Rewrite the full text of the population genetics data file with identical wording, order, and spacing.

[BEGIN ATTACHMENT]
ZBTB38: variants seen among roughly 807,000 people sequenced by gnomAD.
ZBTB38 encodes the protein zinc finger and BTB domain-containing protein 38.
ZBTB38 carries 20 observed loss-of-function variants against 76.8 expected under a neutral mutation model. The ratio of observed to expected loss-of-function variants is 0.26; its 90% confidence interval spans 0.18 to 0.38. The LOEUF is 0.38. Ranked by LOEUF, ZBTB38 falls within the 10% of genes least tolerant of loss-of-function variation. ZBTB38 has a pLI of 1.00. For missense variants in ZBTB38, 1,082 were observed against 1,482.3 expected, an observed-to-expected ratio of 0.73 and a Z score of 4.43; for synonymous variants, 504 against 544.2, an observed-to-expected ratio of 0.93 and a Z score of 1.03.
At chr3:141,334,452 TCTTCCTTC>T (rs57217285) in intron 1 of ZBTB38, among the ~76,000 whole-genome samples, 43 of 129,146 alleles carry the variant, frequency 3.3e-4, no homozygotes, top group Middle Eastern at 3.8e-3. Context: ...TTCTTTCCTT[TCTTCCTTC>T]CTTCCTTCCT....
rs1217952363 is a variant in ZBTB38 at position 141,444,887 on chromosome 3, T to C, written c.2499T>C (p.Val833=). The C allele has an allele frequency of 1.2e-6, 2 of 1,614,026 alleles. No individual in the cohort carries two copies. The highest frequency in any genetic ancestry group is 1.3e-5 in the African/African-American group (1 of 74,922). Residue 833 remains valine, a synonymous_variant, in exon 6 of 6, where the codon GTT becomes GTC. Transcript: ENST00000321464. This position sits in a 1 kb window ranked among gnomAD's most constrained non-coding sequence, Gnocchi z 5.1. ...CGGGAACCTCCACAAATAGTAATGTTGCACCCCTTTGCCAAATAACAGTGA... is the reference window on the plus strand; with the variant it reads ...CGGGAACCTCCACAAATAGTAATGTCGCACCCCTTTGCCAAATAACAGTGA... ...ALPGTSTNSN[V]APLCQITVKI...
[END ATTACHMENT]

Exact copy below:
ZBTB38: variants seen among roughly 807,000 people sequenced by gnomAD.
ZBTB38 encodes the protein zinc finger and BTB domain-containing protein 38.
ZBTB38 carries 20 observed loss-of-function variants against 76.8 expected under a neutral mutation model. The ratio of observed to expected loss-of-function variants is 0.26; its 90% confidence interval spans 0.18 to 0.38. The LOEUF is 0.38. Ranked by LOEUF, ZBTB38 falls within the 10% of genes least tolerant of loss-of-function variation. ZBTB38 has a pLI of 1.00. For missense variants in ZBTB38, 1,082 were observed against 1,482.3 expected, an observed-to-expected ratio of 0.73 and a Z score of 4.43; for synonymous variants, 504 against 544.2, an observed-to-expected ratio of 0.93 and a Z score of 1.03.
At chr3:141,334,452 TCTTCCTTC>T (rs57217285) in intron 1 of ZBTB38, among the ~76,000 whole-genome samples, 43 of 129,146 alleles carry the variant, frequency 3.3e-4, no homozygotes, top group Middle Eastern at 3.8e-3. Context: ...TTCTTTCCTT[TCTTCCTTC>T]CTTCCTTCCT....
rs1217952363 is a variant in ZBTB38 at position 141,444,887 on chromosome 3, T to C, written c.2499T>C (p.Val833=). The C allele has an allele frequency of 1.2e-6, 2 of 1,614,026 alleles. No individual in the cohort carries two copies. The highest frequency in any genetic ancestry group is 1.3e-5 in the African/African-American group (1 of 74,922). Residue 833 remains valine, a synonymous_variant, in exon 6 of 6, where the codon GTT becomes GTC. Transcript: ENST00000321464. This position sits in a 1 kb window ranked among gnomAD's most constrained non-coding sequence, Gnocchi z 5.1. ...CGGGAACCTCCACAAATAGTAATGTTGCACCCCTTTGCCAAATAACAGTGA... is the reference window on the plus strand; with the variant it reads ...CGGGAACCTCCACAAATAGTAATGTCGCACCCCTTTGCCAAATAACAGTGA... ...ALPGTSTNSN[V]APLCQITVKI...